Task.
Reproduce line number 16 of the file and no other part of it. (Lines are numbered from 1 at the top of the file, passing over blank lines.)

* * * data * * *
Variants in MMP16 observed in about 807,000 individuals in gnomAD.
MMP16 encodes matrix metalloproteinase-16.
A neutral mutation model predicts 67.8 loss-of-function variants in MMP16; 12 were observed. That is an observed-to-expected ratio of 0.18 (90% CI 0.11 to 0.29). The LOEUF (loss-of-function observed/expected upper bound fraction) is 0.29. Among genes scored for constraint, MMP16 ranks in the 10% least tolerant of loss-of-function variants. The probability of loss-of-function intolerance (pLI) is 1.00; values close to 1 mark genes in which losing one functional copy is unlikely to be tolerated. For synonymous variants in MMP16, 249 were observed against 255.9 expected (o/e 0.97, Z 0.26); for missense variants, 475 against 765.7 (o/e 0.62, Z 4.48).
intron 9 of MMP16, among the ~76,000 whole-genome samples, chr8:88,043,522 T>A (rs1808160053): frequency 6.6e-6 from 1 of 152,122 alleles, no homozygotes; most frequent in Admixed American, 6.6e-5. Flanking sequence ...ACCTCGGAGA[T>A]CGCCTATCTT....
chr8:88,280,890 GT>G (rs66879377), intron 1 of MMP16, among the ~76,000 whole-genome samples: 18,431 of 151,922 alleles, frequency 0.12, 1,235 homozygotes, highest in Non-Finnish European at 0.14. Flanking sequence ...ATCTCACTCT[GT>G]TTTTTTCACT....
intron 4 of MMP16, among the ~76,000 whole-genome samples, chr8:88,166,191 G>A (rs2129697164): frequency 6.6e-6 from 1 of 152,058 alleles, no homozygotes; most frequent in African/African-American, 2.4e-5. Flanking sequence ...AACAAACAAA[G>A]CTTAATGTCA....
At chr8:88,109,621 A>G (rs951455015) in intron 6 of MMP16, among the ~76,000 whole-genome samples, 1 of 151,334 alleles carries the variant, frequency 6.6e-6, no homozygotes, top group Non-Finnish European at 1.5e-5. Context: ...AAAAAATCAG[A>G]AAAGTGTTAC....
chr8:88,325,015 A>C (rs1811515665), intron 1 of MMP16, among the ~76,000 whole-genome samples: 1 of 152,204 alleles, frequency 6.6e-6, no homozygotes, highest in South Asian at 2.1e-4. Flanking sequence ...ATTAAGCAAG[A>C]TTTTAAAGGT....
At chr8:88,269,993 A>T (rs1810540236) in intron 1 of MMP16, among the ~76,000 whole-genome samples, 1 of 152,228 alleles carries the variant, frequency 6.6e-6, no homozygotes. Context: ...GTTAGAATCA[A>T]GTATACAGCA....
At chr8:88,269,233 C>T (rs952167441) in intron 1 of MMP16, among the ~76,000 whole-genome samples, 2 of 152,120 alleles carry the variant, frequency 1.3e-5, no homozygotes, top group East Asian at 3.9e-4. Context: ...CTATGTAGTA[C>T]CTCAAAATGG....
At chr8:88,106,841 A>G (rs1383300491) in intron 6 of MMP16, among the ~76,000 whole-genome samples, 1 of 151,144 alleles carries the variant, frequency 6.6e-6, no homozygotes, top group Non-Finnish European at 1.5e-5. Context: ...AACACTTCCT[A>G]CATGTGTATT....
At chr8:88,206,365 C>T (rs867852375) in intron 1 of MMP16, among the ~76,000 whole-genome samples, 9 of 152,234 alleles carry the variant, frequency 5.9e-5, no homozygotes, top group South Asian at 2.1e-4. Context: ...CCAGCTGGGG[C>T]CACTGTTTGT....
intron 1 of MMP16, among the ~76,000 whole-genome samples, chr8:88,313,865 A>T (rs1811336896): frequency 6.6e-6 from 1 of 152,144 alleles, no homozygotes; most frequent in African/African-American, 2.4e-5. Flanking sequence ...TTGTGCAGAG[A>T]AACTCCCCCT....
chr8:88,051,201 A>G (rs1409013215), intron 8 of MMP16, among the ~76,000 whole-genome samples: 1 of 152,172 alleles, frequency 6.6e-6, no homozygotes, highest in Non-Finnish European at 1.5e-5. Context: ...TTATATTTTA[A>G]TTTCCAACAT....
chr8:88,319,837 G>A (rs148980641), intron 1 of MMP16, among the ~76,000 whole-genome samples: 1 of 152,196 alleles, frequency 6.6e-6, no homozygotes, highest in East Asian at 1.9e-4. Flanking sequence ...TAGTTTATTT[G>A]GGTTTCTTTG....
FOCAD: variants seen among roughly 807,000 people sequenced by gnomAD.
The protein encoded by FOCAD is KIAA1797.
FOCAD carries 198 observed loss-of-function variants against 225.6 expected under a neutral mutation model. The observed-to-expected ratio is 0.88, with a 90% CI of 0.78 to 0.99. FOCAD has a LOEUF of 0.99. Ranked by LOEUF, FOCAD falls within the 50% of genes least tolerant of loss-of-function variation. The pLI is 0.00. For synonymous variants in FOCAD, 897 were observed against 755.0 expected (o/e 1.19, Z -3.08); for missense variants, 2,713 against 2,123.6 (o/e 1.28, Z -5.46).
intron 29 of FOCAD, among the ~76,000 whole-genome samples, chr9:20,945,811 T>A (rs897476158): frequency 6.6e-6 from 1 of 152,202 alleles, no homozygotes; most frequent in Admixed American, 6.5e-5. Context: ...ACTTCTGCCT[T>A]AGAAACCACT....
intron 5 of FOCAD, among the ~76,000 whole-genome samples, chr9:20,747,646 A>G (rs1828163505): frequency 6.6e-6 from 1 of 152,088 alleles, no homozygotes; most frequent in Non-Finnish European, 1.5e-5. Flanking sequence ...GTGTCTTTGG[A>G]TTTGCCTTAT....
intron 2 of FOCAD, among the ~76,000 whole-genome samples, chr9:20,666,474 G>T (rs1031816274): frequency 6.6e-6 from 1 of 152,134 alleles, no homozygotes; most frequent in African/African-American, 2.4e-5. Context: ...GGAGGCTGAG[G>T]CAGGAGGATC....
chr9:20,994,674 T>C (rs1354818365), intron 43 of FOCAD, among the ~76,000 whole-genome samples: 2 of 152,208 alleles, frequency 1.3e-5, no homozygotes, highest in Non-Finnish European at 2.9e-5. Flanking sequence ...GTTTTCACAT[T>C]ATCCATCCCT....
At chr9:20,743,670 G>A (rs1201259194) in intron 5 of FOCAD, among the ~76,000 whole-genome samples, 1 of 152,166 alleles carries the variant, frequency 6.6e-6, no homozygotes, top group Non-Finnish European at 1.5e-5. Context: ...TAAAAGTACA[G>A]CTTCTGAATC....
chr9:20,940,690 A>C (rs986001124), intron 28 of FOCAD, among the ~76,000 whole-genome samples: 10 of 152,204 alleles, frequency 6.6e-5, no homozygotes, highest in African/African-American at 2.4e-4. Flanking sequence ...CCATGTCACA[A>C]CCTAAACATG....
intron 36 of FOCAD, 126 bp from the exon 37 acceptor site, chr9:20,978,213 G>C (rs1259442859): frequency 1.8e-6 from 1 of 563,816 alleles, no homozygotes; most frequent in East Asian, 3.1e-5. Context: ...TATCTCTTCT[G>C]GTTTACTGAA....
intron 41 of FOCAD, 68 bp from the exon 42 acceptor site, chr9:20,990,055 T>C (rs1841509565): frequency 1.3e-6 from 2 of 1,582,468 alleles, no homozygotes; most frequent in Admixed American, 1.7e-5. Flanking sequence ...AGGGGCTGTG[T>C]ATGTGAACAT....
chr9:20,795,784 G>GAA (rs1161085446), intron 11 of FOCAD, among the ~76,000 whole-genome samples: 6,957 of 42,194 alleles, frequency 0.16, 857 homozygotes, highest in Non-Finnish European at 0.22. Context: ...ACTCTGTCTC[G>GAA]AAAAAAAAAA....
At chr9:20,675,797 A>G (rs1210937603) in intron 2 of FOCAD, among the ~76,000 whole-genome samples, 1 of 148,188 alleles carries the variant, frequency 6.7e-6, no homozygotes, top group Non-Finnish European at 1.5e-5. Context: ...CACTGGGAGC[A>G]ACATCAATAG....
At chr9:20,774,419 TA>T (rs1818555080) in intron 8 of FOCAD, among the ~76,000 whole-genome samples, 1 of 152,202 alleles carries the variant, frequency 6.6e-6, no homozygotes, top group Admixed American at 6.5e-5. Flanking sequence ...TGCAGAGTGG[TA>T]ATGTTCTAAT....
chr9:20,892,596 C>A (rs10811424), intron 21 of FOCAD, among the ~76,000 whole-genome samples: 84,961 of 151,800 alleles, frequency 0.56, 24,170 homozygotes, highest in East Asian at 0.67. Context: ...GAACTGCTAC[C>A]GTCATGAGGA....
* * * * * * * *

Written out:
FOCAD: variants seen among roughly 807,000 people sequenced by gnomAD.